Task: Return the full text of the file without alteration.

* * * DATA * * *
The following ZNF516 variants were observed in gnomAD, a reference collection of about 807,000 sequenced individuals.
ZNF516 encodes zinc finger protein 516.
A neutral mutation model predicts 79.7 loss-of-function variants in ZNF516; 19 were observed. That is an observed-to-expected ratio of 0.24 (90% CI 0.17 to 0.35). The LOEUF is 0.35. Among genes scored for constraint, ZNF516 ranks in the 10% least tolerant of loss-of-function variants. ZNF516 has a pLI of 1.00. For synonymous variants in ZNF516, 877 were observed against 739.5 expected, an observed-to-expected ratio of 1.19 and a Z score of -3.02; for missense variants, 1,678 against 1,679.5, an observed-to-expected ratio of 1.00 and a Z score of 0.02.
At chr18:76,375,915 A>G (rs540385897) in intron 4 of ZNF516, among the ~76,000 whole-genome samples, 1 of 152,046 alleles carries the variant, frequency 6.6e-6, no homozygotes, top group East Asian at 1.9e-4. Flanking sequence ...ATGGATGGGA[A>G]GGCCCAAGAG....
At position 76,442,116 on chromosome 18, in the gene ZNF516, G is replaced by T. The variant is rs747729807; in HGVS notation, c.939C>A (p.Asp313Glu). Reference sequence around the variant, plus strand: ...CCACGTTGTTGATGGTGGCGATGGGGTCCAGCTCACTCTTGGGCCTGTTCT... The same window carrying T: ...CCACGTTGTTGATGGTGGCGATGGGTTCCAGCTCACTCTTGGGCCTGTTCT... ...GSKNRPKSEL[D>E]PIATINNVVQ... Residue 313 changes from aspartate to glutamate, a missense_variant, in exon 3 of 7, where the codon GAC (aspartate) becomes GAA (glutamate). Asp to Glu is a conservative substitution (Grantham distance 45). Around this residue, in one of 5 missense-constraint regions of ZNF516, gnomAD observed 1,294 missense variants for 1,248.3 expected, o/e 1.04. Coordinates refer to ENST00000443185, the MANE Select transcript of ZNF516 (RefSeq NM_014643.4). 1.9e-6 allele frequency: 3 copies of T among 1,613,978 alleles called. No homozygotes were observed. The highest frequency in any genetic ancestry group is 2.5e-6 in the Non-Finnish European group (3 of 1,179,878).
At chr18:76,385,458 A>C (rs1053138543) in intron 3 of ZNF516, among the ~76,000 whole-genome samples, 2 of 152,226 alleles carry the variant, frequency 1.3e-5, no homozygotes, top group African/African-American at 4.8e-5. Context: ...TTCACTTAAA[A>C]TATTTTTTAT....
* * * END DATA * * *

The following ZNF516 variants were observed in gnomAD, a reference collection of about 807,000 sequenced individuals.
ZNF516 encodes zinc finger protein 516.
A neutral mutation model predicts 79.7 loss-of-function variants in ZNF516; 19 were observed. That is an observed-to-expected ratio of 0.24 (90% CI 0.17 to 0.35). The LOEUF is 0.35. Among genes scored for constraint, ZNF516 ranks in the 10% least tolerant of loss-of-function variants. ZNF516 has a pLI of 1.00. For synonymous variants in ZNF516, 877 were observed against 739.5 expected, an observed-to-expected ratio of 1.19 and a Z score of -3.02; for missense variants, 1,678 against 1,679.5, an observed-to-expected ratio of 1.00 and a Z score of 0.02.
At chr18:76,375,915 A>G (rs540385897) in intron 4 of ZNF516, among the ~76,000 whole-genome samples, 1 of 152,046 alleles carries the variant, frequency 6.6e-6, no homozygotes, top group East Asian at 1.9e-4. Flanking sequence ...ATGGATGGGA[A>G]GGCCCAAGAG....
At position 76,442,116 on chromosome 18, in the gene ZNF516, G is replaced by T. The variant is rs747729807; in HGVS notation, c.939C>A (p.Asp313Glu). Reference sequence around the variant, plus strand: ...CCACGTTGTTGATGGTGGCGATGGGGTCCAGCTCACTCTTGGGCCTGTTCT... The same window carrying T: ...CCACGTTGTTGATGGTGGCGATGGGTTCCAGCTCACTCTTGGGCCTGTTCT... ...GSKNRPKSEL[D>E]PIATINNVVQ... Residue 313 changes from aspartate to glutamate, a missense_variant, in exon 3 of 7, where the codon GAC (aspartate) becomes GAA (glutamate). Asp to Glu is a conservative substitution (Grantham distance 45). Around this residue, in one of 5 missense-constraint regions of ZNF516, gnomAD observed 1,294 missense variants for 1,248.3 expected, o/e 1.04. Coordinates refer to ENST00000443185, the MANE Select transcript of ZNF516 (RefSeq NM_014643.4). 1.9e-6 allele frequency: 3 copies of T among 1,613,978 alleles called. No homozygotes were observed. The highest frequency in any genetic ancestry group is 2.5e-6 in the Non-Finnish European group (3 of 1,179,878).
At chr18:76,385,458 A>C (rs1053138543) in intron 3 of ZNF516, among the ~76,000 whole-genome samples, 2 of 152,226 alleles carry the variant, frequency 1.3e-5, no homozygotes, top group African/African-American at 4.8e-5. Context: ...TTCACTTAAA[A>C]TATTTTTTAT....